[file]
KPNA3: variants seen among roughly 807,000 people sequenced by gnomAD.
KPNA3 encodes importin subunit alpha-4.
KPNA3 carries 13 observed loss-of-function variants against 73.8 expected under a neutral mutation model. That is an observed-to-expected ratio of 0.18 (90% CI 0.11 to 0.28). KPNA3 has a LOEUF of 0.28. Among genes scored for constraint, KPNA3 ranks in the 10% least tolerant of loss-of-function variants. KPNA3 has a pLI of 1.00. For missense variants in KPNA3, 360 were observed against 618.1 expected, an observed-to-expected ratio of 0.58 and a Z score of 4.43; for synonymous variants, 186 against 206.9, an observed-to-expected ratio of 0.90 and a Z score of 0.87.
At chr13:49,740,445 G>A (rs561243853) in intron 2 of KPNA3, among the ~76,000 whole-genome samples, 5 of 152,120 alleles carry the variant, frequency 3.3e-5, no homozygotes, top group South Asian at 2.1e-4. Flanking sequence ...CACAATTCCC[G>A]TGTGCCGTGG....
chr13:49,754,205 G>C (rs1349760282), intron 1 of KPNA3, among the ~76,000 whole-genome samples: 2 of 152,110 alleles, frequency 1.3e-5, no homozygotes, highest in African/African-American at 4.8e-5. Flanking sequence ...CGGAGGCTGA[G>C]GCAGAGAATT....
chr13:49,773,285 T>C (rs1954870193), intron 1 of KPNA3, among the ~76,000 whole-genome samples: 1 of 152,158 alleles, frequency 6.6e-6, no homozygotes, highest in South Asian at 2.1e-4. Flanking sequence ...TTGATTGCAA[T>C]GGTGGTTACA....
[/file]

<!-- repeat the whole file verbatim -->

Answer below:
KPNA3: variants seen among roughly 807,000 people sequenced by gnomAD.
KPNA3 encodes importin subunit alpha-4.
KPNA3 carries 13 observed loss-of-function variants against 73.8 expected under a neutral mutation model. That is an observed-to-expected ratio of 0.18 (90% CI 0.11 to 0.28). KPNA3 has a LOEUF of 0.28. Among genes scored for constraint, KPNA3 ranks in the 10% least tolerant of loss-of-function variants. KPNA3 has a pLI of 1.00. For missense variants in KPNA3, 360 were observed against 618.1 expected, an observed-to-expected ratio of 0.58 and a Z score of 4.43; for synonymous variants, 186 against 206.9, an observed-to-expected ratio of 0.90 and a Z score of 0.87.
At chr13:49,740,445 G>A (rs561243853) in intron 2 of KPNA3, among the ~76,000 whole-genome samples, 5 of 152,120 alleles carry the variant, frequency 3.3e-5, no homozygotes, top group South Asian at 2.1e-4. Flanking sequence ...CACAATTCCC[G>A]TGTGCCGTGG....
chr13:49,754,205 G>C (rs1349760282), intron 1 of KPNA3, among the ~76,000 whole-genome samples: 2 of 152,110 alleles, frequency 1.3e-5, no homozygotes, highest in African/African-American at 4.8e-5. Flanking sequence ...CGGAGGCTGA[G>C]GCAGAGAATT....
chr13:49,773,285 T>C (rs1954870193), intron 1 of KPNA3, among the ~76,000 whole-genome samples: 1 of 152,158 alleles, frequency 6.6e-6, no homozygotes, highest in South Asian at 2.1e-4. Flanking sequence ...TTGATTGCAA[T>C]GGTGGTTACA....